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John Willys

John North Willys (pr. WILL-iss; October 25, 1873 – August 26, 1935) was an American automotive pioneer and statesman.


Born in Canandaigua, New York, as a young man he began selling bicycles in his hometown and within a few years eventually expanded into manufacturing his own line of bicycles. In 1897 he married Isabel Van Wie and a few years later entered the automobile retailing business in Elmira, New York. His very successful car dealership sold the Overland brand of automobiles. However, in 1907 supply problems with the Indianapolis, Indiana Overland factory led to John Willys acquiring the company. He proved an astute operator and quickly turned the company's sagging fortunes around. In 1909 he acquired the Marion Motor Car Co. of Indianapolis, Indiana and a few years later shifted operations to a production facility bought from the bankrupt Pope Motor Car Co. in Toledo, Ohio.

After changing the name to the Willys-Overland Motor Company in 1912, the next year John Willys acquired the Edwards Motor Co of New York which gave him a license to manufacture the patented Knight "sleeve valve" engine. Success saw his car company become the second largest carmaker in the United States and in 1915 he built a seven-story headquarters in Toledo, Ohio that was the most modern of its day. Before the end of the decade, one-third of the city of Toledo's workforce was employed either at Willys-Overland or at one of the numerous small businesses providing parts and supplies. His automobile empire offered the consumer the choice of an Overland, Willys or Willys-Knight vehicle, each relative to a specific type of engine or price range. Through his holding company, in 1918 John Willys acquired the Moline Plow Co. of Moline, Illinois that manufactured the "Universal" brand of farm tractors and a line of Stephens cars. The following year he acquired control of the Duesenberg company primarily to get his hands on Duesenberg brothers' factory in Elizabeth, New Jersey where he planned to produce a new six-cylinder car.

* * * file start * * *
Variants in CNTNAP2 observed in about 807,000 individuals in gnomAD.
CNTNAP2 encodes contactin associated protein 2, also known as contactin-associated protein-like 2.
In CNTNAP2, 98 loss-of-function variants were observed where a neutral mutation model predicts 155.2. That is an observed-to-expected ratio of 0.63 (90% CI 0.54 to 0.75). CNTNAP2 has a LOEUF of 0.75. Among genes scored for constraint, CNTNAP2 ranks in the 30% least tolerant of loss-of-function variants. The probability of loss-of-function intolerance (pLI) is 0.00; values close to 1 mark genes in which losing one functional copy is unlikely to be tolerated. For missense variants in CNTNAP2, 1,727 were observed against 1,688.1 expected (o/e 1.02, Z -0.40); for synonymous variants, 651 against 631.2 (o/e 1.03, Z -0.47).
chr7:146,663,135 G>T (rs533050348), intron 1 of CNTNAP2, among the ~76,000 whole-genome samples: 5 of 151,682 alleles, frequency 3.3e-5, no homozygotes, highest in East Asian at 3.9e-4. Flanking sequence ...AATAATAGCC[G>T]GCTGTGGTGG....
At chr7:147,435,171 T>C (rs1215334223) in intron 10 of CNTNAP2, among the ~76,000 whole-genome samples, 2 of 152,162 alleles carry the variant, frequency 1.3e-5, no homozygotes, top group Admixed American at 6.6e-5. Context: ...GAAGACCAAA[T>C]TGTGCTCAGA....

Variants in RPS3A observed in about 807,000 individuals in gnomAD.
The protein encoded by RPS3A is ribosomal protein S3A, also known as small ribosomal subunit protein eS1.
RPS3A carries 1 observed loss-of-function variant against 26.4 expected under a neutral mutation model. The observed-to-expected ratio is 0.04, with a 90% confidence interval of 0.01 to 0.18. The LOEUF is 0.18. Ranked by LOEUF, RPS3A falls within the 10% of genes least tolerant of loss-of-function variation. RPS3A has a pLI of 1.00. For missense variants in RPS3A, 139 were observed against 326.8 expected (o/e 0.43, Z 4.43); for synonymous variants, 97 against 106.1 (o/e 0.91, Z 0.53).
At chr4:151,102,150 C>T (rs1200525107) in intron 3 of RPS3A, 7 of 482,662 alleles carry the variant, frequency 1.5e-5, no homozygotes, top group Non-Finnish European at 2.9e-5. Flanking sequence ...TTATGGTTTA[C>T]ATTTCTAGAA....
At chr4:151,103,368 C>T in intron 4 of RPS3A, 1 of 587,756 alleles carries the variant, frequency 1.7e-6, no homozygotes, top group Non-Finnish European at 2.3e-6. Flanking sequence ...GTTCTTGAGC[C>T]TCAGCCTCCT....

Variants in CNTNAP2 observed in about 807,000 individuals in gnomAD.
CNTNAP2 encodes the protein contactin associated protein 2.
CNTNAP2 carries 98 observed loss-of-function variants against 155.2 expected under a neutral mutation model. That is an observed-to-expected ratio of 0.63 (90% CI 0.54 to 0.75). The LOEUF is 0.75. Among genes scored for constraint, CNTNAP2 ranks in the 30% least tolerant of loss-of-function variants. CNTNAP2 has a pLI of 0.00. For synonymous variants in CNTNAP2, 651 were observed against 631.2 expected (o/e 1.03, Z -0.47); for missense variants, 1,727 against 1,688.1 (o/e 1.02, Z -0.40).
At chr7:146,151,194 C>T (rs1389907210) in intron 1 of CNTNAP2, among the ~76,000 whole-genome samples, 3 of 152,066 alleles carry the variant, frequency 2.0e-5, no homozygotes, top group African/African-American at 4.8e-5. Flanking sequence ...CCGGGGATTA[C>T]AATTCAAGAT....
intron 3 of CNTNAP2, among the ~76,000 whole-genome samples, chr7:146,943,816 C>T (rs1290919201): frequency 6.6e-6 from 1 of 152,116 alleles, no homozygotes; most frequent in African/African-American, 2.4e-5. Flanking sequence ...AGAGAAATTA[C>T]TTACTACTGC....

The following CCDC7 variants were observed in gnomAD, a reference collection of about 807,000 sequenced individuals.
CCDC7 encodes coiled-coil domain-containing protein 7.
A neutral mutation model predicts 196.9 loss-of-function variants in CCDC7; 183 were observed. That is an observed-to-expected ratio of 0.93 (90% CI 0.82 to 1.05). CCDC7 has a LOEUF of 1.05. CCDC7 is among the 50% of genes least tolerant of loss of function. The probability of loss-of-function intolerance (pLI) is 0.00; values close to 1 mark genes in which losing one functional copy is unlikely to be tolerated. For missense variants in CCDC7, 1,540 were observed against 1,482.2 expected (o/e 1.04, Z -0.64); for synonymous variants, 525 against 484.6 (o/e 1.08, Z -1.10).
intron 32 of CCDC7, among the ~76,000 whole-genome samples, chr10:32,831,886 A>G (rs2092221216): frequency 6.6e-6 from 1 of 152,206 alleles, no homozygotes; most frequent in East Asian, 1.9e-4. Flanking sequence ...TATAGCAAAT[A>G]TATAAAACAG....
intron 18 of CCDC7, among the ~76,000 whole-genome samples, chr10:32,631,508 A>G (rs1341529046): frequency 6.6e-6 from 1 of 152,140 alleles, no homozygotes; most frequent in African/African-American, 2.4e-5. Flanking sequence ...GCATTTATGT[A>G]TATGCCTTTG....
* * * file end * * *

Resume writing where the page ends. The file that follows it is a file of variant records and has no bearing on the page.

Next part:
Labor difficulties began to emerge at the Willys-Overland Toledo plant that resulted in a violent strike in 1919, shutting down the plant for several months. Willys hired General Motors vice-president Walter Chrysler to run the Willys-Overland operation at the then astonishing salary of $1 million a year. However, Chrysler tried to oust John Willys with an attempted takeover bid that backfired when the shareholders resisted his move and Chrysler left in 1921 to go into business for himself.

Although very profitable, John Willys' businesses were highly leveraged, expanded and/or acquired through massive borrowings. In 1921, Willys' nervous bankers forced him to consolidate in order to limit their exposure. To raise cash for debt reduction, the Willys-Overland plant in New Jersey was sold at auction to William C. Durant as was Willys' "New Process Gear Company," in Syracuse, New York. With debt under control, Willys once again began expanding and in 1925 bought the F.J. Stearns Co. of Cleveland, Ohio that made a line of luxury vehicles. In 1926 Willys introduced the "Whippet" model line that sold in the U.S., Canada, and Australia.

Well respected in the business community, John Willys was a strong supporter of the United States Republican Party who had been an Ohio delegate to the 1916 Republican National Convention. Following the election of Herbert Hoover to the Presidency of the United States, in March 1930 Willys was appointed the first U.S. Ambassador to Poland, serving until May 1932.

The Great Depression of the 1930s saw numerous carmakers go out of business and the Willys enterprises went into bankruptcy reorganization in 1933. The following year, John Willys and his wife of thirty-seven years divorced. He soon remarried but died in 1935 of a heart attack at his home in The Bronx, New York.

John North Willys is interred in the Kensico Cemetery in Valhalla, New York.